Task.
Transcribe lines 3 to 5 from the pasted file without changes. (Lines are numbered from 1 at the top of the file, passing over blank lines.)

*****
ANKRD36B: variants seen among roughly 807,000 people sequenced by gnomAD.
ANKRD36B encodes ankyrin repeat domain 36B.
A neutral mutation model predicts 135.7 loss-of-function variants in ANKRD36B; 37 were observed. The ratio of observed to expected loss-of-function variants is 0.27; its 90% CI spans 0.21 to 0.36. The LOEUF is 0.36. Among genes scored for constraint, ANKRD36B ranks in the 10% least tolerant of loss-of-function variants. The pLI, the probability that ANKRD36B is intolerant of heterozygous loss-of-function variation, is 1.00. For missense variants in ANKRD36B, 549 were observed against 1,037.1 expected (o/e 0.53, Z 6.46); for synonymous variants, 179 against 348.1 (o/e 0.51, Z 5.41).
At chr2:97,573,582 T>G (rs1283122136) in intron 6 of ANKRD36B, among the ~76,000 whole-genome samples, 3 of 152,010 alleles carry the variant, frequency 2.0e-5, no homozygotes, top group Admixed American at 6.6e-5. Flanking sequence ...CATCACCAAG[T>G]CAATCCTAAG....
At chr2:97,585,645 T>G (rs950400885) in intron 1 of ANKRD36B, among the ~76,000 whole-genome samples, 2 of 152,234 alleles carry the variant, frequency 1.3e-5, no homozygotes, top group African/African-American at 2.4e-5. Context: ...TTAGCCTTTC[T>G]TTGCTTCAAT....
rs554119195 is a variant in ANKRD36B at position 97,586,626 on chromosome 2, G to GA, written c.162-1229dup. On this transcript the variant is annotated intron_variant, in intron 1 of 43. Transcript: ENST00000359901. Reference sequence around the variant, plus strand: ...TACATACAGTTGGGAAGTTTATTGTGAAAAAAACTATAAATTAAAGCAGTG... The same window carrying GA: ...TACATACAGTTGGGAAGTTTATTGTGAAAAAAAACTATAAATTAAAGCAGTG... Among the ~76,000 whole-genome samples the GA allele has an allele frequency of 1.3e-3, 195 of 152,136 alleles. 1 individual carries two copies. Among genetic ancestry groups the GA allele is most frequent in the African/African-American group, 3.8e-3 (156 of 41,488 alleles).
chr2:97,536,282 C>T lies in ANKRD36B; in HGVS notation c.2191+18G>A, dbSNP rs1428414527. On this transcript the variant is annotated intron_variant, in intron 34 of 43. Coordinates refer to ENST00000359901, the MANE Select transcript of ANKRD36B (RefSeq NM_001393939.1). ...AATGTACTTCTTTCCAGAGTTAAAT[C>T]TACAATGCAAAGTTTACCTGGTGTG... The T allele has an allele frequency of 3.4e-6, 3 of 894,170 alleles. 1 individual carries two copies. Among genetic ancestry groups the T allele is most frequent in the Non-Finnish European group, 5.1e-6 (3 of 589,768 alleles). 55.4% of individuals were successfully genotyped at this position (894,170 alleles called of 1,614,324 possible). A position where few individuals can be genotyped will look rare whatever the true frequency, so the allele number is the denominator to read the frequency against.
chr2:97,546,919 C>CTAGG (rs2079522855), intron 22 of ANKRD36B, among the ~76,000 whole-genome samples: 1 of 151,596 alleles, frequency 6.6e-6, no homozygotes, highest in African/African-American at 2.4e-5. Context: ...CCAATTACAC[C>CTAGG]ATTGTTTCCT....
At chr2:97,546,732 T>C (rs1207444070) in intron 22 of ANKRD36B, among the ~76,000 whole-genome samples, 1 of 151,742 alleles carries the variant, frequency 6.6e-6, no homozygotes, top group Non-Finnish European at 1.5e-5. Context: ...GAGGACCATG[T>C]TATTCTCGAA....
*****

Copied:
A neutral mutation model predicts 135.7 loss-of-function variants in ANKRD36B; 37 were observed. The ratio of observed to expected loss-of-function variants is 0.27; its 90% CI spans 0.21 to 0.36. The LOEUF is 0.36. Among genes scored for constraint, ANKRD36B ranks in the 10% least tolerant of loss-of-function variants. The pLI, the probability that ANKRD36B is intolerant of heterozygous loss-of-function variation, is 1.00. For missense variants in ANKRD36B, 549 were observed against 1,037.1 expected (o/e 0.53, Z 6.46); for synonymous variants, 179 against 348.1 (o/e 0.51, Z 5.41).
At chr2:97,573,582 T>G (rs1283122136) in intron 6 of ANKRD36B, among the ~76,000 whole-genome samples, 3 of 152,010 alleles carry the variant, frequency 2.0e-5, no homozygotes, top group Admixed American at 6.6e-5. Flanking sequence ...CATCACCAAG[T>G]CAATCCTAAG....
At chr2:97,585,645 T>G (rs950400885) in intron 1 of ANKRD36B, among the ~76,000 whole-genome samples, 2 of 152,234 alleles carry the variant, frequency 1.3e-5, no homozygotes, top group African/African-American at 2.4e-5. Context: ...TTAGCCTTTC[T>G]TTGCTTCAAT....